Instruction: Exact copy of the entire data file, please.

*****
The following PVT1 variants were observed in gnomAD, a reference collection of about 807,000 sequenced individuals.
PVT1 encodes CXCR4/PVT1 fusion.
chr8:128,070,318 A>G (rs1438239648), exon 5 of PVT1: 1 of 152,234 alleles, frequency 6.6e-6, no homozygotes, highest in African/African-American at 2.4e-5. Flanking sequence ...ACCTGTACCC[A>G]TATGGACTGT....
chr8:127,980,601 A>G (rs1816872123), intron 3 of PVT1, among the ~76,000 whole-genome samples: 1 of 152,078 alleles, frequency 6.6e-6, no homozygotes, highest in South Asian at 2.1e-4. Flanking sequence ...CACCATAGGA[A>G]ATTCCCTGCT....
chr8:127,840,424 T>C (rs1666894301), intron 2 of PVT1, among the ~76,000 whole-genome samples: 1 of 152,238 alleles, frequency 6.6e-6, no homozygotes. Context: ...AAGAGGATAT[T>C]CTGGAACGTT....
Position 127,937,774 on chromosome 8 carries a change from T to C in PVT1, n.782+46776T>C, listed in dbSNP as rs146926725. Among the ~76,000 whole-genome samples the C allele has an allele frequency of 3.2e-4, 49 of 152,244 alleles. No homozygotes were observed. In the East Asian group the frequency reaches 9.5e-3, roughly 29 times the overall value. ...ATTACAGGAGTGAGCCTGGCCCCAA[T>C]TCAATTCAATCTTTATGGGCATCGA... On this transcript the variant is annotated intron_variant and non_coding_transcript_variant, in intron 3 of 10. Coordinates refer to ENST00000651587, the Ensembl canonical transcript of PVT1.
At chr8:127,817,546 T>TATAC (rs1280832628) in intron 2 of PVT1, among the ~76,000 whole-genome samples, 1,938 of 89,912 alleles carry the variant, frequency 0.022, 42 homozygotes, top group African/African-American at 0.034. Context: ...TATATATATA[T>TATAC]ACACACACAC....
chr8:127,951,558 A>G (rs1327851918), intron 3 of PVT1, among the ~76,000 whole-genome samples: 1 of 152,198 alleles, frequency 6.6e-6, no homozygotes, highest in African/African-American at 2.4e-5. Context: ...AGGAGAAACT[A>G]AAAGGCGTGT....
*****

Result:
The following PVT1 variants were observed in gnomAD, a reference collection of about 807,000 sequenced individuals.
PVT1 encodes CXCR4/PVT1 fusion.
chr8:128,070,318 A>G (rs1438239648), exon 5 of PVT1: 1 of 152,234 alleles, frequency 6.6e-6, no homozygotes, highest in African/African-American at 2.4e-5. Flanking sequence ...ACCTGTACCC[A>G]TATGGACTGT....
chr8:127,980,601 A>G (rs1816872123), intron 3 of PVT1, among the ~76,000 whole-genome samples: 1 of 152,078 alleles, frequency 6.6e-6, no homozygotes, highest in South Asian at 2.1e-4. Flanking sequence ...CACCATAGGA[A>G]ATTCCCTGCT....
chr8:127,840,424 T>C (rs1666894301), intron 2 of PVT1, among the ~76,000 whole-genome samples: 1 of 152,238 alleles, frequency 6.6e-6, no homozygotes. Context: ...AAGAGGATAT[T>C]CTGGAACGTT....
Position 127,937,774 on chromosome 8 carries a change from T to C in PVT1, n.782+46776T>C, listed in dbSNP as rs146926725. Among the ~76,000 whole-genome samples the C allele has an allele frequency of 3.2e-4, 49 of 152,244 alleles. No homozygotes were observed. In the East Asian group the frequency reaches 9.5e-3, roughly 29 times the overall value. ...ATTACAGGAGTGAGCCTGGCCCCAA[T>C]TCAATTCAATCTTTATGGGCATCGA... On this transcript the variant is annotated intron_variant and non_coding_transcript_variant, in intron 3 of 10. Coordinates refer to ENST00000651587, the Ensembl canonical transcript of PVT1.
At chr8:127,817,546 T>TATAC (rs1280832628) in intron 2 of PVT1, among the ~76,000 whole-genome samples, 1,938 of 89,912 alleles carry the variant, frequency 0.022, 42 homozygotes, top group African/African-American at 0.034. Context: ...TATATATATA[T>TATAC]ACACACACAC....
chr8:127,951,558 A>G (rs1327851918), intron 3 of PVT1, among the ~76,000 whole-genome samples: 1 of 152,198 alleles, frequency 6.6e-6, no homozygotes, highest in African/African-American at 2.4e-5. Context: ...AGGAGAAACT[A>G]AAAGGCGTGT....